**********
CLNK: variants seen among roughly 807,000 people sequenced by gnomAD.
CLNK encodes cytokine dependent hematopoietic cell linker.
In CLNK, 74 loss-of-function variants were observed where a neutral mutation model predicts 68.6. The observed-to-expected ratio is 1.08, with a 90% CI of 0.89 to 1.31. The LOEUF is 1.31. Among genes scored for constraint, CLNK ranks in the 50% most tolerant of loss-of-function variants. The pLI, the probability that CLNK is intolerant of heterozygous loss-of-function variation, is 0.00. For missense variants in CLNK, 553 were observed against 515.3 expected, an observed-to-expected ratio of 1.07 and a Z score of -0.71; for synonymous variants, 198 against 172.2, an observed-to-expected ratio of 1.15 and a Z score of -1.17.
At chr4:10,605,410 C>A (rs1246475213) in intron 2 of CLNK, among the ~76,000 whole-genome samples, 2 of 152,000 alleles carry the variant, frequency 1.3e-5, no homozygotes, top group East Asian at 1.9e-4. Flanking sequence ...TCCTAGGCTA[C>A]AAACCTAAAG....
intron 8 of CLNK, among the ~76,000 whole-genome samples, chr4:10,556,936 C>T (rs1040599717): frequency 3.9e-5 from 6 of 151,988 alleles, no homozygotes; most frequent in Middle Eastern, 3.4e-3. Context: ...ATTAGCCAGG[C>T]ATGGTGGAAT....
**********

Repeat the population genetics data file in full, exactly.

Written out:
CLNK: variants seen among roughly 807,000 people sequenced by gnomAD.
CLNK encodes cytokine dependent hematopoietic cell linker.
In CLNK, 74 loss-of-function variants were observed where a neutral mutation model predicts 68.6. The observed-to-expected ratio is 1.08, with a 90% CI of 0.89 to 1.31. The LOEUF is 1.31. Among genes scored for constraint, CLNK ranks in the 50% most tolerant of loss-of-function variants. The pLI, the probability that CLNK is intolerant of heterozygous loss-of-function variation, is 0.00. For missense variants in CLNK, 553 were observed against 515.3 expected, an observed-to-expected ratio of 1.07 and a Z score of -0.71; for synonymous variants, 198 against 172.2, an observed-to-expected ratio of 1.15 and a Z score of -1.17.
At chr4:10,605,410 C>A (rs1246475213) in intron 2 of CLNK, among the ~76,000 whole-genome samples, 2 of 152,000 alleles carry the variant, frequency 1.3e-5, no homozygotes, top group East Asian at 1.9e-4. Flanking sequence ...TCCTAGGCTA[C>A]AAACCTAAAG....
intron 8 of CLNK, among the ~76,000 whole-genome samples, chr4:10,556,936 C>T (rs1040599717): frequency 3.9e-5 from 6 of 151,988 alleles, no homozygotes; most frequent in Middle Eastern, 3.4e-3. Context: ...ATTAGCCAGG[C>T]ATGGTGGAAT....